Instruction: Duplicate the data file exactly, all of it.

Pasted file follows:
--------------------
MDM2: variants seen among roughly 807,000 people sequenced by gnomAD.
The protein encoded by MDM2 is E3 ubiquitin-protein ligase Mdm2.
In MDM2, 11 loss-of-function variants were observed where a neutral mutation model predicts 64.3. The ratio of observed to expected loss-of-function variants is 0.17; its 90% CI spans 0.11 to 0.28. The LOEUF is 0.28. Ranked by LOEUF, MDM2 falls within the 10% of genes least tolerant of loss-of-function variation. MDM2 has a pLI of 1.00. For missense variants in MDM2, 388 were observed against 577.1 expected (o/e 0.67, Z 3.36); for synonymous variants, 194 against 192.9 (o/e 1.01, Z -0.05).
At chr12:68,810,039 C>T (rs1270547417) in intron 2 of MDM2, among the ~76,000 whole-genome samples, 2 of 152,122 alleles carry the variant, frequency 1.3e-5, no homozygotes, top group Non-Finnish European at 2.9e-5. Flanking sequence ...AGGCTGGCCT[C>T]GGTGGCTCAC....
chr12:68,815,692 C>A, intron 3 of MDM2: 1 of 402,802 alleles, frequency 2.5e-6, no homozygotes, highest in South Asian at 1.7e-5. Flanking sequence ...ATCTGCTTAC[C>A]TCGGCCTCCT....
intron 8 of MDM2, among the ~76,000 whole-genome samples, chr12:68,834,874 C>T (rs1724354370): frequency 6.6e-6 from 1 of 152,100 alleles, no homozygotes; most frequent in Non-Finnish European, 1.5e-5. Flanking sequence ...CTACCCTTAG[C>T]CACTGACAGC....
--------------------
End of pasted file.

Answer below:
MDM2: variants seen among roughly 807,000 people sequenced by gnomAD.
The protein encoded by MDM2 is E3 ubiquitin-protein ligase Mdm2.
In MDM2, 11 loss-of-function variants were observed where a neutral mutation model predicts 64.3. The ratio of observed to expected loss-of-function variants is 0.17; its 90% CI spans 0.11 to 0.28. The LOEUF is 0.28. Ranked by LOEUF, MDM2 falls within the 10% of genes least tolerant of loss-of-function variation. MDM2 has a pLI of 1.00. For missense variants in MDM2, 388 were observed against 577.1 expected (o/e 0.67, Z 3.36); for synonymous variants, 194 against 192.9 (o/e 1.01, Z -0.05).
At chr12:68,810,039 C>T (rs1270547417) in intron 2 of MDM2, among the ~76,000 whole-genome samples, 2 of 152,122 alleles carry the variant, frequency 1.3e-5, no homozygotes, top group Non-Finnish European at 2.9e-5. Flanking sequence ...AGGCTGGCCT[C>T]GGTGGCTCAC....
chr12:68,815,692 C>A, intron 3 of MDM2: 1 of 402,802 alleles, frequency 2.5e-6, no homozygotes, highest in South Asian at 1.7e-5. Flanking sequence ...ATCTGCTTAC[C>A]TCGGCCTCCT....
intron 8 of MDM2, among the ~76,000 whole-genome samples, chr12:68,834,874 C>T (rs1724354370): frequency 6.6e-6 from 1 of 152,100 alleles, no homozygotes; most frequent in Non-Finnish European, 1.5e-5. Flanking sequence ...CTACCCTTAG[C>T]CACTGACAGC....